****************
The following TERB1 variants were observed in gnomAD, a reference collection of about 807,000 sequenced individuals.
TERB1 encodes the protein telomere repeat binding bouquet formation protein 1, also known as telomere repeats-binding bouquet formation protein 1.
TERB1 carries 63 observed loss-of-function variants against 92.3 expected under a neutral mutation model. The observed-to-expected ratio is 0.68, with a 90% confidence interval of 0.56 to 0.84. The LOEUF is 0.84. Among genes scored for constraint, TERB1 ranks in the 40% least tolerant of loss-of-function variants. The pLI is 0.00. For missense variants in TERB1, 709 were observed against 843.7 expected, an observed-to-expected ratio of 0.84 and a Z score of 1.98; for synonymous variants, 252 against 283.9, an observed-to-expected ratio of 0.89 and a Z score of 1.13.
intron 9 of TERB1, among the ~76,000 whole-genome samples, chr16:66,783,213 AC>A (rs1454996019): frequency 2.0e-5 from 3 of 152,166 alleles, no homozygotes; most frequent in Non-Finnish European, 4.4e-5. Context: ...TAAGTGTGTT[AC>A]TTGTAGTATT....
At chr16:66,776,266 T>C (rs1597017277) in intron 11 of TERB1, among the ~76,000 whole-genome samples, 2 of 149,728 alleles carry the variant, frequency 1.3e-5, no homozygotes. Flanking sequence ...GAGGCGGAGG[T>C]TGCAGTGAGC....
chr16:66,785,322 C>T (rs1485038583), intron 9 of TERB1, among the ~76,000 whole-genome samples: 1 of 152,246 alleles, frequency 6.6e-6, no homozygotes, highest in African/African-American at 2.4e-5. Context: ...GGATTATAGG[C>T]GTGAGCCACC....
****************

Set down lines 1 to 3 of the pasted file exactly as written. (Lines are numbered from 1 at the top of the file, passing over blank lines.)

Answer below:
The following TERB1 variants were observed in gnomAD, a reference collection of about 807,000 sequenced individuals.
TERB1 encodes the protein telomere repeat binding bouquet formation protein 1, also known as telomere repeats-binding bouquet formation protein 1.
TERB1 carries 63 observed loss-of-function variants against 92.3 expected under a neutral mutation model. The observed-to-expected ratio is 0.68, with a 90% confidence interval of 0.56 to 0.84. The LOEUF is 0.84. Among genes scored for constraint, TERB1 ranks in the 40% least tolerant of loss-of-function variants. The pLI is 0.00. For missense variants in TERB1, 709 were observed against 843.7 expected, an observed-to-expected ratio of 0.84 and a Z score of 1.98; for synonymous variants, 252 against 283.9, an observed-to-expected ratio of 0.89 and a Z score of 1.13.